TTD? MMI? PTD? What exactly do these acronyms mean?
Workers' compensation is confusing enough without seeing all of the acronyms associated with the process.
This page offers an overview of 19 common acronyms and abbreviations you may see and/or hear during the workers' compensation process in Florida.
ADL: Activities of Daily LivingThese activities include self-care, personal hygiene, communication, physical activities such as sitting and standing, sleep, and sensory functions. If your injury is serious enough to affect these activities, your attorney may pursue more benefits on your behalf to compensate for the hardship.
AWL: Actual Wage LossIf your case goes to court or reaches the settlement stage, your attorney may argue your actual wage loss. Your injury may have prevented you from earning a lot of money over time, which shouldn't go unnoticed.
AWW: Average Weekly WageDepending on the severity of your injuries, you may not be able to continue working. Your attorney can determine the lost wage benefits you are eligible to receive by using the formula expressed in the Florida statute.
COLA: Cost of Living AdjustmentSome benefits from a workers' compensation claim may be paid for years, possibly even a lifetime. If this happens, factors in the economy may demand that the payment change over time. For example, a loaf of bread costs more now than it did 20 years ago. To make up for this change, a cost of living adjustment may have to be made on benefits.
CTS: Carpal Tunnel SyndromeThis impairment can be caused by numerous things, not just repeatedly typing for long periods of time at work. These types of claims can be difficult to collect benefits for, as you must prove that your injury was caused by your work environment.
E/C: Employer/CarrierThis acronym appears in the general release of a workers' compensation claim. It refers to your employer and their insurance carrier. A release gets rid of their liability for your injuries, and it should only be signed after discussing your future medical costs with a doctor and your attorney.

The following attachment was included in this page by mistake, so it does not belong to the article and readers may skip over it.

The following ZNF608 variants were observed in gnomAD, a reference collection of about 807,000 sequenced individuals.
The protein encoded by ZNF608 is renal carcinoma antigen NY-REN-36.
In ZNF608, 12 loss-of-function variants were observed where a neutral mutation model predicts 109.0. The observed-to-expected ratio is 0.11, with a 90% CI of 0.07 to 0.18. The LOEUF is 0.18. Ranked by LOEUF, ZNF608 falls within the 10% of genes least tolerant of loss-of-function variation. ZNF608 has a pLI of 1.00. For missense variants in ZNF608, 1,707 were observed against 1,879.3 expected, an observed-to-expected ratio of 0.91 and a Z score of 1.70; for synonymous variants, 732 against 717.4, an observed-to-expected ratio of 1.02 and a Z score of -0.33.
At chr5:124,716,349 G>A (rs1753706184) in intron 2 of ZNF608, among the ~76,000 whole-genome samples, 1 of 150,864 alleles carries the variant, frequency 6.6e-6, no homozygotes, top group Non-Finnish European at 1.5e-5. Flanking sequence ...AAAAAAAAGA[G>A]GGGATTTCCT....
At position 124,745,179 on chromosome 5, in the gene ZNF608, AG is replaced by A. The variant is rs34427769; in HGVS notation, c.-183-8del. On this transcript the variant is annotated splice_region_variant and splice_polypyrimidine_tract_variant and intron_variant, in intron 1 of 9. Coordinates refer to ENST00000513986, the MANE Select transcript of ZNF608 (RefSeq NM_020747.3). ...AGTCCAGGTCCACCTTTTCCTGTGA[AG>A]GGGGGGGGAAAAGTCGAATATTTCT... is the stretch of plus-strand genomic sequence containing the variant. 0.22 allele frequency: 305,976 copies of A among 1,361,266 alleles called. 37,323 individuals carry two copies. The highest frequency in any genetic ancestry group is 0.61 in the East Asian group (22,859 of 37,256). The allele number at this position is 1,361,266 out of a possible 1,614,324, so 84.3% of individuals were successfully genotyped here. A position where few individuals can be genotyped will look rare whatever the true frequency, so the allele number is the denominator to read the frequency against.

FEC: Future Earning CapacityThis number appears often with the injured employee's impairment rating. It is used to make the argument for benefits based on the amount you would have made had you not been injured. If you are seriously injured and can no longer work, then your future earning capacity should be factored into the amount of wages you are trying to collect.
FL: Functional LimitationIf your injuries require medical attention but don't prevent you from doing your job, your attorney may include a description of your functional limitation in the paperwork for your case. For example, if you twisted your ankle at work, but sit down to do most of your job, then that is your functional limitation. Be sure to follow all doctors orders during the recovery from an on-the-job injury.
IR: Impairment RatingYou might see this acronym appear with other ones, such as "TTD" or "PTD." It is the level of impairment as determined by your doctor. If you can recover from your injuries and are able to lead a relatively uninterrupted lifestyle during recovery, your doctor might assign a temporary partial disability rating in your case.
LDP/LDW: Last Day Paid/Last Day WorkedThis acronym may show up in a settlement when discussing the calculation of lost wages. There is a formula for calculating the lost wages that can be repaid to an employee, and these dates may be critical to the equation.